10. Kupanda – Mice Parade
Let us now return to our developing theme: peachy cuts from patchy albums. This kora-infused opener from Mice Parade’s What It Means To Be Left-Handed got me squirming with anticipatory glee, but it wasn’t at all representative of the indie-schmindiness which followed.
11. Hey Bhagwan – Raghu Dixit
And here’s another. Raghu Dixit’s self-titled album has some great moments, but its “crossover” aspirations steer it into dodgy waters. You get hints of that here, but any latent Manu Chao-isms are kept in check by the lustrous vocals of this Mysore-based singer-songwriter.
12. It’s OK – Cee-Lo Green
I don’t think I’ll be enjoying this follow-up to Cee-Lo’s chart-topping “Fuck You”/”Forget You” for long – it’s too slight and too cap-doffingly retro to be much more than a passing pleasure – but as of this week, “It’s OK” is making me nod and smile.
13. The Thrill Is Gone – Fantasia ft. Cee-Lo Green
Tell you what, let’s have a double helping of Cee-Lo. Fantasia Barrino won American Idol in 2004, and her 2010 album Back To Me album reached #2 in the Billboard chart. On “The Thrill Is Gone”, Cee-Lo’s mocking guest rap undercuts Fantasia’s lovelorn pleas with wickedly withering indifference.
14. Don’t Make Me Wait – Jazmine Sullivan
From one contemporary soul diva to another: this selection from Jazmine Sullivan’s second album is a breezy, foxy delight, which puts me in mind of vintage Janet Jackson.
15. Lights On – Katy B ft. Ms Dynamite
I do like playlisting songs from the charts. This one has climbed seven places to this week’s Number Four, making it the biggest hit to date from the UK Funky scene. Katy B first caught my attention via her guest vocal on “As I”, one of the best tracks on the 2008 album from Geeneus (who also produces this single) – but she is better known for her debut hit “Katy On A Mission” and her work on Magnetic Man’s brilliant “Perfect Stranger”. Meanwhile, Ms Dynamite hasn’t charted this high since 2002, and I’m glad she’s back.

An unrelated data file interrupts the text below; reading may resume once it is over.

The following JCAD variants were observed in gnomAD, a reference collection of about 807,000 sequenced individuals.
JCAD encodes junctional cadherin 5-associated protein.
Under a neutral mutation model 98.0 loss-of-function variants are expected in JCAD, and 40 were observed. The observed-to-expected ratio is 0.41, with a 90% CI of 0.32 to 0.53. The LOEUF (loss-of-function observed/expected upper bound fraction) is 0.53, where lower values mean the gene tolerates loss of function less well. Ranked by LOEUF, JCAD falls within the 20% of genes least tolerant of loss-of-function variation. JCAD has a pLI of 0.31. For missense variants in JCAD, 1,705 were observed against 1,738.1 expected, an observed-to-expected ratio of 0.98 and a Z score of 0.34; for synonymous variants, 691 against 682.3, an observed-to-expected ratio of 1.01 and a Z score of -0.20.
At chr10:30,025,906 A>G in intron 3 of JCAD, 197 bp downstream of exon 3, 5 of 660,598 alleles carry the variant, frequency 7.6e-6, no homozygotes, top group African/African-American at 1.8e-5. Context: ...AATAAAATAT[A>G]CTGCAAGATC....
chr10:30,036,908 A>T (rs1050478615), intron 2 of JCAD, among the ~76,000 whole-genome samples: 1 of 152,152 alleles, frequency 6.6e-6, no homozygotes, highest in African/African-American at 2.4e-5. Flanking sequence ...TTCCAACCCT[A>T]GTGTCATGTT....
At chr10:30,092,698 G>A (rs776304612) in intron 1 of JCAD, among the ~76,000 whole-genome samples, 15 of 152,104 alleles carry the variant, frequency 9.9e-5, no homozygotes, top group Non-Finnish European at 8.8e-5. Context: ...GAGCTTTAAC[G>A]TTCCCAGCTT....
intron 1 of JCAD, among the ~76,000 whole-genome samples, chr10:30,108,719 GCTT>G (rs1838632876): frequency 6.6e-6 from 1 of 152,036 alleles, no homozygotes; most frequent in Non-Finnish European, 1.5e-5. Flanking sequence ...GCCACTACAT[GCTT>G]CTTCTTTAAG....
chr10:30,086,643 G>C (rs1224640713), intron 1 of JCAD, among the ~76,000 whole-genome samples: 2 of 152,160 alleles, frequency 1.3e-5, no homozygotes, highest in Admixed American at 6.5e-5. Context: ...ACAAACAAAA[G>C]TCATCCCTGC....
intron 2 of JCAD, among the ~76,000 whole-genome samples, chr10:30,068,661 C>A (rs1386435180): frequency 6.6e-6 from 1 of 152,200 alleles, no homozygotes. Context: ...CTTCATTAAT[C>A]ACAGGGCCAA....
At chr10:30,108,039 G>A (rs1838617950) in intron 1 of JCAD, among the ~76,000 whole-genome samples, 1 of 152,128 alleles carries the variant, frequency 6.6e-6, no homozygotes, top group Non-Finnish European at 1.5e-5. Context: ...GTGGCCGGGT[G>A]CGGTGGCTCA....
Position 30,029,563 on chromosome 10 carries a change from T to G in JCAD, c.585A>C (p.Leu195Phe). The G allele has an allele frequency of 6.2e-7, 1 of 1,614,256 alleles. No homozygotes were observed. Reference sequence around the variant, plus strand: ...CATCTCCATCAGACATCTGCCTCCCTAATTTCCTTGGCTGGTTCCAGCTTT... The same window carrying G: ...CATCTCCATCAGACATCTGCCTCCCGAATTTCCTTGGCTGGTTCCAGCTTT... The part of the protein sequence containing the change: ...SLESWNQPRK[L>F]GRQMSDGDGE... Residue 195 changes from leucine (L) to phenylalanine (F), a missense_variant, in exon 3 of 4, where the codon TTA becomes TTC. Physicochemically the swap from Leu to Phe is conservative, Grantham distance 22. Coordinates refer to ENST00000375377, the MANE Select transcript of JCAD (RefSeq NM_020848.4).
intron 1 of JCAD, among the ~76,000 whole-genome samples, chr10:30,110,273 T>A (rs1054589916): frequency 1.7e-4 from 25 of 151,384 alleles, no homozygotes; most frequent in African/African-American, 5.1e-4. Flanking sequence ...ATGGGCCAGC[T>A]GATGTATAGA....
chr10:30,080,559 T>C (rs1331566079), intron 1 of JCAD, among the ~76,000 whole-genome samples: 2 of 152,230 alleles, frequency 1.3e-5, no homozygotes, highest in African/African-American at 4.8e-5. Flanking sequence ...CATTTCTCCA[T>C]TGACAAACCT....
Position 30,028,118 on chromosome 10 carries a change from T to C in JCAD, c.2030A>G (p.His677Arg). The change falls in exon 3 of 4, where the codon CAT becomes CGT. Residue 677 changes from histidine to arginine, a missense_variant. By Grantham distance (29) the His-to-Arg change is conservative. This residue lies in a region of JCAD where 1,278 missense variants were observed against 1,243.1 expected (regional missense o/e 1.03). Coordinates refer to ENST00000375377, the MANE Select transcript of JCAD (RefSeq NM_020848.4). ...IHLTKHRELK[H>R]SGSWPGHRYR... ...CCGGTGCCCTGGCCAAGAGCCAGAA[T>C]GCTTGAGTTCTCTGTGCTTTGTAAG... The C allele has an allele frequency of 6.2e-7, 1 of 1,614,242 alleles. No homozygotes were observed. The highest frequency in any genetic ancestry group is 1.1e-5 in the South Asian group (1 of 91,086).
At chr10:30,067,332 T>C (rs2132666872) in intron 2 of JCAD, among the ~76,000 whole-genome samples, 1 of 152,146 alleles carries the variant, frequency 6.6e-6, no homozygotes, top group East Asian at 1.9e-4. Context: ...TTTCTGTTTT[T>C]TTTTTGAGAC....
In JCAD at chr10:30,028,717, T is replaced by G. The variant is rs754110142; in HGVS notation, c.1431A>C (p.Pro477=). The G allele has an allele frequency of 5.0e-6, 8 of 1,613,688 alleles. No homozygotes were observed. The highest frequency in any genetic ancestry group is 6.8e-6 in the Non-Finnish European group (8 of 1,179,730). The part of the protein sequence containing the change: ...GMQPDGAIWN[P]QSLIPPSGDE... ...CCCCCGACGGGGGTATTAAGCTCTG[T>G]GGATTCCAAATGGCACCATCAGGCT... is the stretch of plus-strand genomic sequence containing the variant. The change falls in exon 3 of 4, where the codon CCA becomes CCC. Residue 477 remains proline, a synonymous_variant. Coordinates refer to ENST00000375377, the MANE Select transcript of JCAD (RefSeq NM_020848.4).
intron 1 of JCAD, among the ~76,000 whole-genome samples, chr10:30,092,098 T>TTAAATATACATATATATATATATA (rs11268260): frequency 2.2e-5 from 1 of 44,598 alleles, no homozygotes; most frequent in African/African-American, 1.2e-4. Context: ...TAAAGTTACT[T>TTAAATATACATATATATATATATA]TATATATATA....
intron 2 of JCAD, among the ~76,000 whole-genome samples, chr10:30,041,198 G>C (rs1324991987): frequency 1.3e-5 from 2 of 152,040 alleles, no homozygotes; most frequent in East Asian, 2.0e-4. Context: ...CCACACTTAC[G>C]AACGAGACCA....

16. He Was A Steppenwolf – Boney M
The fine Disco Discharge series continues, with the imminent release of four more double CD collections. From the forthcoming Mondo Disco set – but originally from their colossal 1978 album Nightflight To Venus – here are Boney M (featuring the recently deceased Bobby Farrell), coating a typically daft lyric with an almost Temptations-esque gloss. This is the second murder tale in this week’s playlist. I’m not sure which one is the more implausible.
17. Sleepwalking – Cosmetics
There are two of them: Nic and Aja. They come from Vancouver, and they reportedly live in a fashion studio. That’s all I can tell you. I stumbled across this in somebody’s best-tracks-of-2010 list. It would have been a shame to miss it.
18. Heart Is Strange – School Of Seven Bells
This is the only song I’ve heard by School Of Seven Bells, which is terribly remiss of me as they’ve been quite the thing in certain circles, but you can’t hear everything, can you? Although Lord knows, I try. I’m getting a faint whiff of the Banshees here, which leads me neatly to…
19. Jezebel – Anna Calvi
…on which the Siouxsie influence is even more pronounced. To say nothing of PJ Harvey – but that’s allowed, as Anna Calvi’s forthcoming debut album is produced by Harvey’s long-time collaborator Rob Ellis. This, then, is the obligatory buzz-building “taste-maker single” – and a Frankie Laine cover, to boot.
20. Limit To Your Love – James Blake
James Blake’s name is currently being bandied about on the same “names to watch in 2011” lists as Anna Calvi. Following two instrumental EPs, “Limit To Your Love” is his first full vocal track to surface. It’s a cover of a song from the last Feist album, and I love what Blake has done with it.
If this continues to climb the charts – it has just entered the Top 40, after a few weeks of steady if modest sales – then it could become next week’s TROUBLED DIVA POWER PLAY! Or is there a more deserving candidate? What do you think? Tell me, do…
To open the playlist in Spotify, please click the track listing at the top of this post.
You can also use this link: http://v.gd/tdcast002